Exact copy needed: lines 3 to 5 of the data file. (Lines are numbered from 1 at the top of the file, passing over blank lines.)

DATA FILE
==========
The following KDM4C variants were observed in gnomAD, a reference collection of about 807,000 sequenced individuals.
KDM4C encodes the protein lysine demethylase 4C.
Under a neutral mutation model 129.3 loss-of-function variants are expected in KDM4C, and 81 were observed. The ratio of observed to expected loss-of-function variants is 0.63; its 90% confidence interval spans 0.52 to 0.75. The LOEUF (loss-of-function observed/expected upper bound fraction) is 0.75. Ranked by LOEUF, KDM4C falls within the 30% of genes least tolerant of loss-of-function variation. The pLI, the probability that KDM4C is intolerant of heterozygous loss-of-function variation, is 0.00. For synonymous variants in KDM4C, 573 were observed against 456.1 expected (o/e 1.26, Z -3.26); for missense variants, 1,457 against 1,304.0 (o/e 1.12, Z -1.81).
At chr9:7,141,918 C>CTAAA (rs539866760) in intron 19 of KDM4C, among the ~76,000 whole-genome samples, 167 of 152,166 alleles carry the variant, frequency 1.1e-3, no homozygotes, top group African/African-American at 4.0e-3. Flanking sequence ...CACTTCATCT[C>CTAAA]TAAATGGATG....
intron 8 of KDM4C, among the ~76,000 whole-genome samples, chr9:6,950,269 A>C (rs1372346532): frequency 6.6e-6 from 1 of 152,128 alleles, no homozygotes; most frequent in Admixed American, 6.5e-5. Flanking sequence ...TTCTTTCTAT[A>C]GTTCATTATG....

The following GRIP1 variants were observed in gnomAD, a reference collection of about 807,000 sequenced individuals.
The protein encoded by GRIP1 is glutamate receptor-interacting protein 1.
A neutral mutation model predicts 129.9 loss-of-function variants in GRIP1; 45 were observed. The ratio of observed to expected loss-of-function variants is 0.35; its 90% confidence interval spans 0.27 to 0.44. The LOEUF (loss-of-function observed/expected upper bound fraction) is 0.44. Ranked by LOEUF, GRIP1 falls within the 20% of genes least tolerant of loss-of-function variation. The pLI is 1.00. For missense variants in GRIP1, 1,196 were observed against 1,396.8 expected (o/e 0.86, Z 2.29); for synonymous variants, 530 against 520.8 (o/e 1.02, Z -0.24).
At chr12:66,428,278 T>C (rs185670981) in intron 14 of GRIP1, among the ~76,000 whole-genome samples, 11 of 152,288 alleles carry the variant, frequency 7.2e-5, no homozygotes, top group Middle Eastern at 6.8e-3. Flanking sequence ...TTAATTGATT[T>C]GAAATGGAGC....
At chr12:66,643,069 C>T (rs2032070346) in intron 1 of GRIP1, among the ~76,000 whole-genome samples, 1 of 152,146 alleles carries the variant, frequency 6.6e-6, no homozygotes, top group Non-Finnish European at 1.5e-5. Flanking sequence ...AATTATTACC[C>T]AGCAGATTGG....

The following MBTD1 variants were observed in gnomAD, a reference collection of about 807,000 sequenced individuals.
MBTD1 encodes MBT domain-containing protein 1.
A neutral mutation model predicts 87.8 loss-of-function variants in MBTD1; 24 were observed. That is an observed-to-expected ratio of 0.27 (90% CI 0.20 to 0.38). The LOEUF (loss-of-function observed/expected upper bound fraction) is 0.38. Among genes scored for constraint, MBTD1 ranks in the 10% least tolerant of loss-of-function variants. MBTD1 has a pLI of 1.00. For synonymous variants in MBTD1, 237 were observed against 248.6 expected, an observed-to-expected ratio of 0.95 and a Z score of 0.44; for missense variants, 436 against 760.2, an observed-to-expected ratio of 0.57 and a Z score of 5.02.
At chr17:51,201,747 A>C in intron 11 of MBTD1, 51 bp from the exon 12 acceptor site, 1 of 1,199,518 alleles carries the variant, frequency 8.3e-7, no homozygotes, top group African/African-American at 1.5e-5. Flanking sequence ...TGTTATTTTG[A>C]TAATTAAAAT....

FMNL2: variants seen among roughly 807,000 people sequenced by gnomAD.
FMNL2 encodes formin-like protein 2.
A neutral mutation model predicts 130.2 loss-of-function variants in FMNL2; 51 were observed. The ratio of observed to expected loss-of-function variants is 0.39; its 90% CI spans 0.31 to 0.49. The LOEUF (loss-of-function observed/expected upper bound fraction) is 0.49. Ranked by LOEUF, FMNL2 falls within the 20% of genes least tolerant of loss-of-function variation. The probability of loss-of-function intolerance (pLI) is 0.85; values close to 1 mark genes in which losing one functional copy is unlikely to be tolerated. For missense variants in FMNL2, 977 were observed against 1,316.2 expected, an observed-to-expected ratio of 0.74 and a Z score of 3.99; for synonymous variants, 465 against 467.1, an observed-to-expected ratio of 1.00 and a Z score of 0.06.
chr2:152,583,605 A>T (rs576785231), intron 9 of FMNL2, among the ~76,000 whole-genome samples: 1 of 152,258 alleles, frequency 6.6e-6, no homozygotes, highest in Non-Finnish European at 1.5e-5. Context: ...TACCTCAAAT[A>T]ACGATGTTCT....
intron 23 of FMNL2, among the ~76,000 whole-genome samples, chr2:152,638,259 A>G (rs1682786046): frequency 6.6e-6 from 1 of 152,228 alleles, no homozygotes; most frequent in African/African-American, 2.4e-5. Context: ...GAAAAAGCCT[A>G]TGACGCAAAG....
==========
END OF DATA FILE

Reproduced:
Under a neutral mutation model 129.3 loss-of-function variants are expected in KDM4C, and 81 were observed. The ratio of observed to expected loss-of-function variants is 0.63; its 90% confidence interval spans 0.52 to 0.75. The LOEUF (loss-of-function observed/expected upper bound fraction) is 0.75. Ranked by LOEUF, KDM4C falls within the 30% of genes least tolerant of loss-of-function variation. The pLI, the probability that KDM4C is intolerant of heterozygous loss-of-function variation, is 0.00. For synonymous variants in KDM4C, 573 were observed against 456.1 expected (o/e 1.26, Z -3.26); for missense variants, 1,457 against 1,304.0 (o/e 1.12, Z -1.81).
At chr9:7,141,918 C>CTAAA (rs539866760) in intron 19 of KDM4C, among the ~76,000 whole-genome samples, 167 of 152,166 alleles carry the variant, frequency 1.1e-3, no homozygotes, top group African/African-American at 4.0e-3. Flanking sequence ...CACTTCATCT[C>CTAAA]TAAATGGATG....
intron 8 of KDM4C, among the ~76,000 whole-genome samples, chr9:6,950,269 A>C (rs1372346532): frequency 6.6e-6 from 1 of 152,128 alleles, no homozygotes; most frequent in Admixed American, 6.5e-5. Flanking sequence ...TTCTTTCTAT[A>C]GTTCATTATG....